Brandi J. Clark

Writer and Educator

Help! I Have to Teach Language Arts: A Language Arts Survival Mini-Course Part 8



Welcome Back

If you need to catch up here are the links to the other lessons 1, 2, 34 , 5 , 6 and 7.

Today’s Lesson: Know your Illustrative Examples

The specific outcomes can be easy to understand…like this…

recite the letters of the alphabet in order (Kindergarten 2.1)


challenging like this…

integrate own perspectives and interpretations with new understandings developed through discussing and through experiencing a variety of oral, print and other media texts (Grade 9 – 1.2)

You may be thinking, I understand the wording in the last example but what would that look like in a classroom?

Well…I have exciting news!

There is an amazing set of documents (K- 9) put out by the Alberta Government that are called the ILLUSTRATIVE EXAMPLES. (I have provided links to them at the end of the post.)

You might be thinking…illustrative…does it have pictures?


No, it does not have pictures.

So what does illustrative mean?

Illustrative means… to illustrate…”serving as an example or explanation.”

The illustrative examples explain the specific learning outcomes at each grade level.

They provide snapshots or classroom vignettes of how that outcome might come to life in a classroom.

Here are two examples from grade 4

Consider others’ ideas (2.1) Illustrative Example
• identify other perspectives by exploring a variety of ideas, opinions, responses and oral, print and other media texts


  • Students talk about different experiences of living in western Canada as portrayed in the stories One Prairie Morning and Signs of Spring, the poems When I First Came to This Land and If You’re Not from the Prairie…, and accompanying illustrations.
  • After reading How Smudge Came, students talk about why Cindy wanted to keep the puppy and why the adults would not let her at first
Understand techniques and elements (2.3) Illustrative Example
identify how specific techniques are used to affect viewers’ perceptions in media texts
  • Students collect magazine pictures of food, and describe what makes the food look good; e.g., colour, arrangement, setting.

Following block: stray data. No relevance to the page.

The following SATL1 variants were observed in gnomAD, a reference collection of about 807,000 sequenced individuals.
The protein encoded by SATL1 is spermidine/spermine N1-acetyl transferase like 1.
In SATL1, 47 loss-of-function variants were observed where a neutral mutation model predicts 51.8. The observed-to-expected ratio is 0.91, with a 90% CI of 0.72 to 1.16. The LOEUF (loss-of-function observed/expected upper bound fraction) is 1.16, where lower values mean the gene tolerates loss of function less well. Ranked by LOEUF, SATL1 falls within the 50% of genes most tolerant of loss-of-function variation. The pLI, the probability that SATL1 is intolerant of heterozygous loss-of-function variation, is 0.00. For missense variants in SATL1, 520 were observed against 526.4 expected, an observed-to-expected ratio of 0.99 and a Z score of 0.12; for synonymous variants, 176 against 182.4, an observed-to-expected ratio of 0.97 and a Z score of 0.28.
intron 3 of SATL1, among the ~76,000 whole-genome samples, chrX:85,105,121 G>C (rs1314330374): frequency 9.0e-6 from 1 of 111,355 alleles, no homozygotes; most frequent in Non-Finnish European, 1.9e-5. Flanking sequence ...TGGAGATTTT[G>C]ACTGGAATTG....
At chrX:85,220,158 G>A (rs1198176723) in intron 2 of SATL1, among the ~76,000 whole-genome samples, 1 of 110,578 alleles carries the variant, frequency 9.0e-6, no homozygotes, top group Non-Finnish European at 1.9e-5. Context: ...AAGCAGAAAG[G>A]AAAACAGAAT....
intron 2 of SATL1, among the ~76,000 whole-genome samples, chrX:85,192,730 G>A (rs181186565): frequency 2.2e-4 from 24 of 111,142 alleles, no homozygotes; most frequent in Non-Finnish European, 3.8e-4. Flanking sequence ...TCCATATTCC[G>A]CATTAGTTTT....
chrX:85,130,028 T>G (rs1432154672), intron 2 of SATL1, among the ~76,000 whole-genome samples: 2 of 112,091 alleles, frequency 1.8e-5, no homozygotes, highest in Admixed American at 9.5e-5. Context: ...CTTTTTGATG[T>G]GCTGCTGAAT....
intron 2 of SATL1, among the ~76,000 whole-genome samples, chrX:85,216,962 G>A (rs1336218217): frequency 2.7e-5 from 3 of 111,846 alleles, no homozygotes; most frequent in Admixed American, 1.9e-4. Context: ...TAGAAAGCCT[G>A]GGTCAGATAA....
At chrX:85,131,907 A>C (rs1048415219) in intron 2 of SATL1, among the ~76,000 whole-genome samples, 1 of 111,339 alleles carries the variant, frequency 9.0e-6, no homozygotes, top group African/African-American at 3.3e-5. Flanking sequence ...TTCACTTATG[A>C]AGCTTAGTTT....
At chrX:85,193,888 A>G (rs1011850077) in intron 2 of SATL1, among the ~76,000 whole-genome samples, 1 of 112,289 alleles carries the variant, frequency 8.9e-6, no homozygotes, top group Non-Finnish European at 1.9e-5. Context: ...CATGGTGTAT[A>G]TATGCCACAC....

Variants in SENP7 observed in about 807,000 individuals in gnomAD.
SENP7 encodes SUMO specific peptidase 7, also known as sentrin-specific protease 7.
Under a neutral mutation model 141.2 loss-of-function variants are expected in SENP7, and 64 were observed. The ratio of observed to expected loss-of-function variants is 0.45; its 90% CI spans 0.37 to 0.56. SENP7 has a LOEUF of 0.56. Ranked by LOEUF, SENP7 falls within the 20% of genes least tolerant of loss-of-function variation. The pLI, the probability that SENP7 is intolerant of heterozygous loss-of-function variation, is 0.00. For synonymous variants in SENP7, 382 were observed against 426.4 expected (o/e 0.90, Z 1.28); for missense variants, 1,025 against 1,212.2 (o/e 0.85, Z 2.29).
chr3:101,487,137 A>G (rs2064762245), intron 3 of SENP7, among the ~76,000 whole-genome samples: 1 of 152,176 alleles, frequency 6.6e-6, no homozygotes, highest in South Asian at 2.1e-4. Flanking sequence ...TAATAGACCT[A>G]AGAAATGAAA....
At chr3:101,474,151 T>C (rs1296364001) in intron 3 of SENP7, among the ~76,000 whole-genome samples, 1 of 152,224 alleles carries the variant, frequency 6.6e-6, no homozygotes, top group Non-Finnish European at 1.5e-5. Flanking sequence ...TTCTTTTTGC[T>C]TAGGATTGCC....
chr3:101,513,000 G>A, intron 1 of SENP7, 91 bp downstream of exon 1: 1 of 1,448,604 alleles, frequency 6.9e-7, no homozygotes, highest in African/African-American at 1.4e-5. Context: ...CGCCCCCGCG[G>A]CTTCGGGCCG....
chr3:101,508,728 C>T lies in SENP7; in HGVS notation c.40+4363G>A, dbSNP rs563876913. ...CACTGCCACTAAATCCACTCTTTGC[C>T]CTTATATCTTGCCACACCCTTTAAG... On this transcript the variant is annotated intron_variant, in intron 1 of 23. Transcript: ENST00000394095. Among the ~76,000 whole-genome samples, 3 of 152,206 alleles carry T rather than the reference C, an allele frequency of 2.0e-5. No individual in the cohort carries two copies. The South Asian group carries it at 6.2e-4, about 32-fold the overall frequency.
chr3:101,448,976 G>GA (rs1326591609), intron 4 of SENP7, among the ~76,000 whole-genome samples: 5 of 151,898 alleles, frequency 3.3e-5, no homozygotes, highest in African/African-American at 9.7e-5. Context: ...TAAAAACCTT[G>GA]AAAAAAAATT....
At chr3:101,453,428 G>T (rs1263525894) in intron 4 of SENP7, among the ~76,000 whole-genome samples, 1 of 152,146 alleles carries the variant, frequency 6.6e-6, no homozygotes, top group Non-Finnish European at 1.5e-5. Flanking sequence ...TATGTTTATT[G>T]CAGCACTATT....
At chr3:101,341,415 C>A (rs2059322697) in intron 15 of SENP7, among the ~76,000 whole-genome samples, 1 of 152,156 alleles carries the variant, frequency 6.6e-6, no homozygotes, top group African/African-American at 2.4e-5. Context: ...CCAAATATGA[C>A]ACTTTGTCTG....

• Students view book and magazine covers.  They then make a book cover for a favourite book that creates interest and provides information about the content of the book.
  •  Students view a familiar videocassette story and identify such specific features as long shot for the setting, close-up for dialogue, cut/fade for change of setting and voice-over for narration.


Even if you understand your specific outcomes, as said previously, the illustrative outcomes do provide ideas for how to unpack the outcomes with students.

In this specific outcome, examples are provided for student goal setting and self reflection in grade 2.

For example:

Set goals (1.1) Illustrative Outcome
recognize and talk about developing abilities as readers, writers and illustrators
  • A student discusses personal reading goals with the teacher and says, “This week I think I can read a different book every day.  At the end of the week …”
  • Students make comments to complete the sentence stems.

– I know I’m a good writer when …

− my story is easy to read.

− I use periods, commas and capital letters to give clues in my story.

− I use interesting shapes for my letters in scary stories, like when I wrote “Boo” big and shaky.

− I use comparisons in my writing, like when I wrote, “the giant was as big as a whale.”

• A group of students who have made a community map explain how the map helps in showing how to get from the school to the skating rink.

This last example should get you thinking more about goal setting and student reflection.  How can you use this specific outcome all year?

It’s worthwhile to revisit the illustrative examples, even if you have taught the grade level many times before.

I find the illustrative examples remind me of resources I have or things I used to do and should bring back to my classroom. Often there are examples that connect to the other curriculum areas, such as math, health, social studies and science.

Trust me, check them out!

Links to the Illustrative Outcomes

Here are the links to the illustrative outcomes. (Note: Though there is warning, the links are safe. Save the document in order to copy/paste, otherwise the copy function is disabled)


Grade One

Grade Two

Grade Three

Grade Four

Grade Five

Grade Six

Grade Seven

Grade Eight

Grade Nine


This marks the end of today’s lesson.

I know.

You want me to keep going.

But I want you to digest today’s learning.

Know the Illustrative Examples

Look at your grade level’s illustrative examples: What activities, skills, process or book titles can you add to your grade level toolbx?

Trust me…everything else makes sense if you know the Illustrative Examples.

Until Next Time,

Coach Brandi!

About Brandi Clark